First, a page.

I follow 34 Industrial stocks. One is now showing as cheap by the historically high dividend yield and that is Pason Systems Inc. Nine stocks (or 26%) are showing cheap by the historical average dividend yield, 11 (or 32%) are showing cheap by historical median dividend yield and 13 (or 38%) are showing cheap by 5 year median dividend yield.

I follow 7 Tech stocks. None are showing as cheap by the historically high dividend yield. Four stocks (or 57%) are showing cheap by the historical average dividend yield, 3 (or 43%) cheap by historical median dividend yield and cheap by 5 year median dividend yield.

I follow 10 Energy stocks. Four Stocks or (40%) are showing as cheap by the historical high dividend yield, 7 stocks (or 70%) are showing cheap by the historical average dividend yield, 7 (or 70%) are showing cheap by historical median dividend yield and 7 (or 70%) are showing cheap by 5 year median dividend yield.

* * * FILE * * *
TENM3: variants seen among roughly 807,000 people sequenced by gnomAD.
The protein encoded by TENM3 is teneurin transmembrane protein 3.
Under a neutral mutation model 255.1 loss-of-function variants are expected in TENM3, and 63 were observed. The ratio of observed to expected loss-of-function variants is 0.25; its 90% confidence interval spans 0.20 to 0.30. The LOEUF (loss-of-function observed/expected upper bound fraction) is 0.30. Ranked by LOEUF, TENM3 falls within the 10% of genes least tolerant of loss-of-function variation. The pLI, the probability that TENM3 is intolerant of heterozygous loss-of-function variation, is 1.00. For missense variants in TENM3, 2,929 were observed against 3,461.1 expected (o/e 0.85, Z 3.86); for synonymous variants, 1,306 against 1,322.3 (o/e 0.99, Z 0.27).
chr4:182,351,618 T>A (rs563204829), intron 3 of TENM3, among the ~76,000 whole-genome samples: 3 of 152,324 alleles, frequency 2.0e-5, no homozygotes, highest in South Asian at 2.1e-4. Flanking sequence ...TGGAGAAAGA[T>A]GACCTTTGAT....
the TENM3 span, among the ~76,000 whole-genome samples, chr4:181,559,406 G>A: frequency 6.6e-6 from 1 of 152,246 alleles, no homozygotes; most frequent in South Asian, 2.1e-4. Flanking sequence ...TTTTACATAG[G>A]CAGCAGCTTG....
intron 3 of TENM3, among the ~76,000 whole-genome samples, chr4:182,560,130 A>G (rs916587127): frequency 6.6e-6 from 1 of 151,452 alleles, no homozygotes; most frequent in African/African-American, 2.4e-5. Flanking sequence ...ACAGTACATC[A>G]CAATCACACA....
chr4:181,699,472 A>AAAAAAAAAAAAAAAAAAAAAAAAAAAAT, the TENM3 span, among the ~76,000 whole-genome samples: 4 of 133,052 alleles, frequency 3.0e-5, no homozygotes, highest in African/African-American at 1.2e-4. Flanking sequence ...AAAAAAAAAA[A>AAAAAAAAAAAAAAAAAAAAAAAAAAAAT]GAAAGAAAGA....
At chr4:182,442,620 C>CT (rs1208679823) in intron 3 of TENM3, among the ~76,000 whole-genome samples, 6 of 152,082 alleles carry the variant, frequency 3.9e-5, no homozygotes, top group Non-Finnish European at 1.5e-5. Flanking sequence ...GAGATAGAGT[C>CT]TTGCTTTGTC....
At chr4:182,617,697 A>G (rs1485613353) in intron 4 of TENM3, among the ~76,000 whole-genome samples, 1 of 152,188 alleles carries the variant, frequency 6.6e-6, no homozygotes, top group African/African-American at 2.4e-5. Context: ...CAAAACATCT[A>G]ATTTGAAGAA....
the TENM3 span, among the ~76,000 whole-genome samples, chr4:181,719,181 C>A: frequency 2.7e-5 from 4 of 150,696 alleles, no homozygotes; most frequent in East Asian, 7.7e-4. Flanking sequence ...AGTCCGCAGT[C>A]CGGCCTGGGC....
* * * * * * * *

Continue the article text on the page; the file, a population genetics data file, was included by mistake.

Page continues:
I follow 2 Material stocks. One is showing as cheap by the historically high dividend yield and that is Teck Resources Ltd. Both stocks are showing cheap by the historical average dividend yield, 1 is showing cheap by historical median dividend yield and 2 are showing cheap by 5 year median dividend yield.

I follow 8 of the infrastructure type utility companies. Only 4 stocks (or 50%) are showing cheap by 5 year median dividend yield and that is it. This has not changed from last month.